The Iranian Threat to the U.S. Homeland

| Intel Brief
The Soufan Center

 

Bottom Line Up Front

  • Following the strike that killed Qasem Soleimani and the Iranian response that targeted Iraqi bases, the possibility of a conventional war between the United States and Iran seems to have diminished.
  • Despite the decreasing tensions, both Washington and Tehran are likely to engage in asymmetric action against each other, and the United States has already levied new sanctions against Iran.
  • Iran’s final reply to the U.S. military strike and death of Soleimani is likely to be carried by a proxy, and may be months or years in the making.
  • Iran can project power beyond the borders of the Middle East through proxies that maintain a global footprint, including in the United States.

Following the January 2, 2020, targeted military strike that resulted in the death of Qasem Soleimani, the United States prepared for an Iranian response. Five days later, Iran responded with conventional force by launching nearly two dozen ballistic missiles at Iraqi bases where U.S. troops are stationed. No American forces were killed in the attack. Shortly after the Iranian strike, Foreign Minister Javad Zarif tweeted that Iran had concluded its response to the U.S. killing of Soleimani. To further deescalate the situation, President Trump similarly tweeted that the United States was disinterested in continuing tit-for-tat strikes. In the short-term, it seems that the United States and Iran are toning down their rhetoric and actions that could allow for continued conventional military responses. Following the Iranian strikes on the Iraqi bases, the U.S. government quickly pivoted back to a familiar tool in the struggle with Tehran – sanctions. On January 10, as part of the U.S. maximum pressure campaign (which Iran deems economic warfare), the U.S. Department of the Treasury sanctioned eight Iranian officials as well as the largest steel, aluminum, copper, and iron manufacturers based in Iran. As the United States continues to ratchet up sanctions, Iran will likely use the most potent weapon in its playbook – its proxies and clandestine agents to strike U.S. and allied interests in the Middle East and beyond.

The Iranian strike of the Iraqi bases is likely considered, especially among the regime’s hardliners, an insufficient response to the death of the second-most influential figure in Iran. However, Iran also likely calculated that raising the stakes too quickly and striking the United States or its interests directly would risk a harsh U.S. reply that could diminish the ability of the current regime to retain power. As such, Iran’s full response to Soleimani’s death could be months or years in the making. Iran certainly can use its Iraqi-based proxies, like Kata’ib Hezbollah (KH) and the recently FTO designated Asa’ib Ahl al-Haq (AAH), to strike U.S. interests inside Iraq, with the long-term goal of ejecting American troops from the country. While Iran may avail itself of KH and AAH (while also cultivating new proxies) to continue action against the United States, Iran retains the ability to project a threat beyond the borders of the Middle East. Iran and its proxies operate in Europe, Asia, South America, Africa, and the United States, and have a violent and long history of successful attacks. In the 1990s, Lebanese Hezbollah, Iran’s most potent proxy, carried out two VBIED attacks in Argentina that killed more than 100 combined people. In 2012, Lebanese Hezbollah (LH) carried out a suicide bombing attack in Burgas, Bulgaria, that resulted in the deaths of 7 individuals with dozens more injured. In 2013, in Nigeria, three LH operatives were arrested for planning attacks against U.S. and Israeli interests. In June 2019, in London, a large cache of ice packs containing ammonium and other explosive materials were confiscated from LH operatives.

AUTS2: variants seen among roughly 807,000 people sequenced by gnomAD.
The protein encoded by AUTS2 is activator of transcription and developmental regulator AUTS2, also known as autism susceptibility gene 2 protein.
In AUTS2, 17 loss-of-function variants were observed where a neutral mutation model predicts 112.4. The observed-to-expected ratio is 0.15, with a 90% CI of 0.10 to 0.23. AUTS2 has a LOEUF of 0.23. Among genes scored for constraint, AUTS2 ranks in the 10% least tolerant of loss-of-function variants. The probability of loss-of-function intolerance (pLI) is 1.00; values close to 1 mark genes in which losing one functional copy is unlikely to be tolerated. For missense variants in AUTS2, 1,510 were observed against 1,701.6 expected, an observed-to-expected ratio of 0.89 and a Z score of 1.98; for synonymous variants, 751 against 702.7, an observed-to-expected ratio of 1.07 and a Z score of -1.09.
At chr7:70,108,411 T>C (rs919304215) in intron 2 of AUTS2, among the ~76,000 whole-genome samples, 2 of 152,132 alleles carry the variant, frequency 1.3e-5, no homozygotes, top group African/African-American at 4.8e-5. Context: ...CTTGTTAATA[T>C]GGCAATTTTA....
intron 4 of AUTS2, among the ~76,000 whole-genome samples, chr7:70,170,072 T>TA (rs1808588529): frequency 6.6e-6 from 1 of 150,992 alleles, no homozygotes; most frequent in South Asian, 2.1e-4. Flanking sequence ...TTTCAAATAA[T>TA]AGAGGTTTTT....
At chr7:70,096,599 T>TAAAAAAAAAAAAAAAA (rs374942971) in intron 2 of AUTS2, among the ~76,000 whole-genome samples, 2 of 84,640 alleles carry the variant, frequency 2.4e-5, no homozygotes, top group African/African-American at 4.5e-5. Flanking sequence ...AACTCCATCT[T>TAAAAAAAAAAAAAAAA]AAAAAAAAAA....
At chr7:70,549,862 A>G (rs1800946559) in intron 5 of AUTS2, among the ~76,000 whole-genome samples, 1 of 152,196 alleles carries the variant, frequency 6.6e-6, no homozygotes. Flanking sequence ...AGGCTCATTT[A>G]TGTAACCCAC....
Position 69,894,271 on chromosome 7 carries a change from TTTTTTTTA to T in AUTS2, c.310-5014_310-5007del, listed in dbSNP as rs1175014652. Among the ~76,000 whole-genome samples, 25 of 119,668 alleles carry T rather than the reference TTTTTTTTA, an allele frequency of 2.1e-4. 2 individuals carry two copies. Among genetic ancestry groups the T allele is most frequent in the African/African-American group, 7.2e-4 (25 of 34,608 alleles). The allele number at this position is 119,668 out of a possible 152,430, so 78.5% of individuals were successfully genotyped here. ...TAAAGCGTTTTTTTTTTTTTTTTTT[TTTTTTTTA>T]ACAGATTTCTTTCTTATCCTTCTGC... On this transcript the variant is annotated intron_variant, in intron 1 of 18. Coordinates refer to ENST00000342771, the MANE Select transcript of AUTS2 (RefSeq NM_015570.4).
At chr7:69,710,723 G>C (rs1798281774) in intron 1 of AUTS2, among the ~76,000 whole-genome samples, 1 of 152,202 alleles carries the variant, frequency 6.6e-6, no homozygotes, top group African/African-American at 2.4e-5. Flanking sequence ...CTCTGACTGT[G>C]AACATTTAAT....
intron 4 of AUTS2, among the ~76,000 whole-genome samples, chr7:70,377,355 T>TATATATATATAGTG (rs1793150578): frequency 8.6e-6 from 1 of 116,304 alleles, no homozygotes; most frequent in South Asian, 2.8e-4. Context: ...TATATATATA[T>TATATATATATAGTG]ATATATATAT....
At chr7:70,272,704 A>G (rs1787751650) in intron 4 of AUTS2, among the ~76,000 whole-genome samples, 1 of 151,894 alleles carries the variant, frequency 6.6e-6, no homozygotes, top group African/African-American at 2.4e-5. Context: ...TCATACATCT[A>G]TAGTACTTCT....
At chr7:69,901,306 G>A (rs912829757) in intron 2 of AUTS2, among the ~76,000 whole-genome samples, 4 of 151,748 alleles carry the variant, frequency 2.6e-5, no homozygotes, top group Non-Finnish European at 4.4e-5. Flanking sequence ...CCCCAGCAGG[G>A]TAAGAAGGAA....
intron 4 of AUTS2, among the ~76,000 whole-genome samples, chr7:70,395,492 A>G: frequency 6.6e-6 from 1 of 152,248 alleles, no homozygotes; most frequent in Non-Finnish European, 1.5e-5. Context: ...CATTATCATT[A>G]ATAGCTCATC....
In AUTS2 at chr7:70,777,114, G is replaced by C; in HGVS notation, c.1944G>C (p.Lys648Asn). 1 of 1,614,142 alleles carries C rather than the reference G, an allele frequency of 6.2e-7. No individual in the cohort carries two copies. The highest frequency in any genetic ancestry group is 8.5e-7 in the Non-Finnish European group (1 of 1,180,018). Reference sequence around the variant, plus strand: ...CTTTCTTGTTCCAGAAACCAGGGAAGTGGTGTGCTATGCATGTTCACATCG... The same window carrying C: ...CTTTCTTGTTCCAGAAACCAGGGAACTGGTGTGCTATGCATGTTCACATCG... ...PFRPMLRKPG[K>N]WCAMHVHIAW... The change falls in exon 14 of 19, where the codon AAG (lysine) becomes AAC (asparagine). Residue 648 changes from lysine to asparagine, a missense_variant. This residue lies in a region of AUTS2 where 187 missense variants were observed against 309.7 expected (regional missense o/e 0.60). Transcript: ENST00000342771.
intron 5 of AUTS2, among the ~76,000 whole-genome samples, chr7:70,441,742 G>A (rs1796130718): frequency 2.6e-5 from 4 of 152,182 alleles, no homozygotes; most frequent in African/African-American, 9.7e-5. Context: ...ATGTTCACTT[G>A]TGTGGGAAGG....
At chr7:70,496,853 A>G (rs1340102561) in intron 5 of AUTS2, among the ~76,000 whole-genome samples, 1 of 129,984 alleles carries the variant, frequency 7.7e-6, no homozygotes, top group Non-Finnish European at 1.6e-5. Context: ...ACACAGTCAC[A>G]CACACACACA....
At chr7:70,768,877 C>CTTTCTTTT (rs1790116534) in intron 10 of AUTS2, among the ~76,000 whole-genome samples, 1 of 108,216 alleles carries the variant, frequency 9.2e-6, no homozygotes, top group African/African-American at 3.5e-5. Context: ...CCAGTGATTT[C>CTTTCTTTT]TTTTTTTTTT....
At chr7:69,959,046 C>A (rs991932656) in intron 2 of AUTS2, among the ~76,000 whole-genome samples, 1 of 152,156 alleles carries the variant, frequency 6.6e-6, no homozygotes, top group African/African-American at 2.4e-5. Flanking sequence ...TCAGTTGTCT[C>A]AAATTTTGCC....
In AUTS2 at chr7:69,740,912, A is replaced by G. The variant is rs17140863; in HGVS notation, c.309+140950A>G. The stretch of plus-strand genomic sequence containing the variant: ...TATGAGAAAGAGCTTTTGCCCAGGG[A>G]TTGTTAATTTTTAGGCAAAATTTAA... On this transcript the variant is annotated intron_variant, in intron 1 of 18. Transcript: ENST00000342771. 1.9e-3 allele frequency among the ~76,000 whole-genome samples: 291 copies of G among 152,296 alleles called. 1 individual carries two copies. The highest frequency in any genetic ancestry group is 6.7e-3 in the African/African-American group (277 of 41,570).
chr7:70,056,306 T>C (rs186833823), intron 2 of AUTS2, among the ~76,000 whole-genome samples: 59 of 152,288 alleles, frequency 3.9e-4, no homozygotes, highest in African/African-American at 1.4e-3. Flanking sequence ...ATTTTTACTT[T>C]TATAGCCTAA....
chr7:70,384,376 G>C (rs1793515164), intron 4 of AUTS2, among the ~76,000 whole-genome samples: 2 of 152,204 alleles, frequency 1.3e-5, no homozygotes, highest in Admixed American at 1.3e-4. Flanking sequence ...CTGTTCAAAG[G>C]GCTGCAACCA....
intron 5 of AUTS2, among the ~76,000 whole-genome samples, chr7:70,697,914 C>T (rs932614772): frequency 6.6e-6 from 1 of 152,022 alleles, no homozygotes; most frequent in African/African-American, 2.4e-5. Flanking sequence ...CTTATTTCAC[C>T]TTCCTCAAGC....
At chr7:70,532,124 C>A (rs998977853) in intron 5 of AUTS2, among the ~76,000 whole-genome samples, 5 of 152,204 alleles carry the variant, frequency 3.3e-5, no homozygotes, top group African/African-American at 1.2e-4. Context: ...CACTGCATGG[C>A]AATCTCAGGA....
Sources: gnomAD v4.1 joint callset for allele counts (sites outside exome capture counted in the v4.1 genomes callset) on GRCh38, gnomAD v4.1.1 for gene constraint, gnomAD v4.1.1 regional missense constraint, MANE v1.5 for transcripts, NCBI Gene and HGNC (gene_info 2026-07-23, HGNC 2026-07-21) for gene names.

Despite President Trump’s announcement that Iran was targeting four U.S. embassies, there are no imminent or credible indications that Iran or its proxies are poised to strike the United States or its interests soon. However, the threat to the United States, including the homeland, is real. Iran and its proxies have a pattern of behavior that suggests a strong presence in the United States. From 2007-2011, LH orchestrated a sophisticated money-laundering operation that spanned five continents. Before it was halted, it was estimated that $329 million of LH funds entered the U.S. formal financial system. Iran’s efforts in North America, however, are not strictly limited to finance. In 2011, the IRGC-QF plotted to assassinate the Saudi Ambassador to the United States. Finally, numerous LH operatives, most associated with the group’s external operations wing known as the Islamic Jihad Organization (IJO), have been arrested and prosecuted in the United States.

In September 2019, the Department of Justice indicted multiple IJO operatives for conducting surveillance and intelligence gathering in major U.S. cities, to include New York City. Shortly after the Solemeini strike, the Department of Homeland Security sent out a new announcement via its National Terrorism Advisory System (NTAS) that highlighted a need for increased vigilance and noted Iran and LH’s ‘demonstrated intent and capability to conduct operations in the United States.’ John Miller, the New York City Police Department’s Deputy Commissioner for Counterterrorism, recently wrote, ‘we already know that Soleimani directed the most experienced terrorist organization [LH] under his control to study New York City closely for the day the Iranian government decided conditions were right to strike on U.S. soil.’ While it remains unlikely Iran would strike the U.S. homeland directly, Iran likely has the capacity to do so. However, if the current regime’s existential survival is assessed to be at stake, the U.S. should prepare for direct strikes.

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